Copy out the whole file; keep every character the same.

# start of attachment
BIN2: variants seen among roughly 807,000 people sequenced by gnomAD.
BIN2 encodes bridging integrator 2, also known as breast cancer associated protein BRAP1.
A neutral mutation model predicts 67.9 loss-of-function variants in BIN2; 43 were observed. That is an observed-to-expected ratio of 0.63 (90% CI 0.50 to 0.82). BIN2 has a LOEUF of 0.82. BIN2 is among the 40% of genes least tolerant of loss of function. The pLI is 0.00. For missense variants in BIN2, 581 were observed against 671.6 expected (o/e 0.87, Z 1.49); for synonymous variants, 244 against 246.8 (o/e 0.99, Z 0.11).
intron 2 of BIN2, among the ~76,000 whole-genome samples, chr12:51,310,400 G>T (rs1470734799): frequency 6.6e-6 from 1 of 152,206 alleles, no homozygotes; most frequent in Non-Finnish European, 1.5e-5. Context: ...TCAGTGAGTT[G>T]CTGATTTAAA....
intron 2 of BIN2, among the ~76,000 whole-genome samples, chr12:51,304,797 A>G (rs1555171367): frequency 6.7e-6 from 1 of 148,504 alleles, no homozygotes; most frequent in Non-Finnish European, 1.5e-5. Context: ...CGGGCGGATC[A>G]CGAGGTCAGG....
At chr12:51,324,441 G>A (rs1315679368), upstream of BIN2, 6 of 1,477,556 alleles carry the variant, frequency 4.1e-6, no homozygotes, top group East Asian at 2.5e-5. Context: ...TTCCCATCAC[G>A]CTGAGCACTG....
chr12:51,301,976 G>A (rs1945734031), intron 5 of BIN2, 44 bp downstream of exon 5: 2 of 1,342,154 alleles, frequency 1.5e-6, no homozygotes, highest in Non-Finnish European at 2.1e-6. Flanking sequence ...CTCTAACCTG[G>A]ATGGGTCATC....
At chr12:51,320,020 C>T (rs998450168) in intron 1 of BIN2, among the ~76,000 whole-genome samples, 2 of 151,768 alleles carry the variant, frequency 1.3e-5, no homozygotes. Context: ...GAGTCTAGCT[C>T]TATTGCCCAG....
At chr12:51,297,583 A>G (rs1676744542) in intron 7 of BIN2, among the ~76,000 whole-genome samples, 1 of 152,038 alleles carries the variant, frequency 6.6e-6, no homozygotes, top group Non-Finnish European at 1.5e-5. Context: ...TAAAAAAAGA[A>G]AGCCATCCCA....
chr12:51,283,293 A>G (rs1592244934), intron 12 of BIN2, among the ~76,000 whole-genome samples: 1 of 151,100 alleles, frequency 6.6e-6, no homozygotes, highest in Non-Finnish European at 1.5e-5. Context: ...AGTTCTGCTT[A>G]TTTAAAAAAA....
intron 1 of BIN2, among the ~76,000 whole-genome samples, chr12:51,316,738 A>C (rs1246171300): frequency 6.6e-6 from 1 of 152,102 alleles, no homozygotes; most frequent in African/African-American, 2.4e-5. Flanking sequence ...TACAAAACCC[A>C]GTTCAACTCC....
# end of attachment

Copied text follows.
BIN2: variants seen among roughly 807,000 people sequenced by gnomAD.
BIN2 encodes bridging integrator 2, also known as breast cancer associated protein BRAP1.
A neutral mutation model predicts 67.9 loss-of-function variants in BIN2; 43 were observed. That is an observed-to-expected ratio of 0.63 (90% CI 0.50 to 0.82). BIN2 has a LOEUF of 0.82. BIN2 is among the 40% of genes least tolerant of loss of function. The pLI is 0.00. For missense variants in BIN2, 581 were observed against 671.6 expected (o/e 0.87, Z 1.49); for synonymous variants, 244 against 246.8 (o/e 0.99, Z 0.11).
intron 2 of BIN2, among the ~76,000 whole-genome samples, chr12:51,310,400 G>T (rs1470734799): frequency 6.6e-6 from 1 of 152,206 alleles, no homozygotes; most frequent in Non-Finnish European, 1.5e-5. Context: ...TCAGTGAGTT[G>T]CTGATTTAAA....
intron 2 of BIN2, among the ~76,000 whole-genome samples, chr12:51,304,797 A>G (rs1555171367): frequency 6.7e-6 from 1 of 148,504 alleles, no homozygotes; most frequent in Non-Finnish European, 1.5e-5. Context: ...CGGGCGGATC[A>G]CGAGGTCAGG....
At chr12:51,324,441 G>A (rs1315679368), upstream of BIN2, 6 of 1,477,556 alleles carry the variant, frequency 4.1e-6, no homozygotes, top group East Asian at 2.5e-5. Context: ...TTCCCATCAC[G>A]CTGAGCACTG....
chr12:51,301,976 G>A (rs1945734031), intron 5 of BIN2, 44 bp downstream of exon 5: 2 of 1,342,154 alleles, frequency 1.5e-6, no homozygotes, highest in Non-Finnish European at 2.1e-6. Flanking sequence ...CTCTAACCTG[G>A]ATGGGTCATC....
At chr12:51,320,020 C>T (rs998450168) in intron 1 of BIN2, among the ~76,000 whole-genome samples, 2 of 151,768 alleles carry the variant, frequency 1.3e-5, no homozygotes. Context: ...GAGTCTAGCT[C>T]TATTGCCCAG....
At chr12:51,297,583 A>G (rs1676744542) in intron 7 of BIN2, among the ~76,000 whole-genome samples, 1 of 152,038 alleles carries the variant, frequency 6.6e-6, no homozygotes, top group Non-Finnish European at 1.5e-5. Context: ...TAAAAAAAGA[A>G]AGCCATCCCA....
chr12:51,283,293 A>G (rs1592244934), intron 12 of BIN2, among the ~76,000 whole-genome samples: 1 of 151,100 alleles, frequency 6.6e-6, no homozygotes, highest in Non-Finnish European at 1.5e-5. Context: ...AGTTCTGCTT[A>G]TTTAAAAAAA....
intron 1 of BIN2, among the ~76,000 whole-genome samples, chr12:51,316,738 A>C (rs1246171300): frequency 6.6e-6 from 1 of 152,102 alleles, no homozygotes; most frequent in African/African-American, 2.4e-5. Flanking sequence ...TACAAAACCC[A>C]GTTCAACTCC....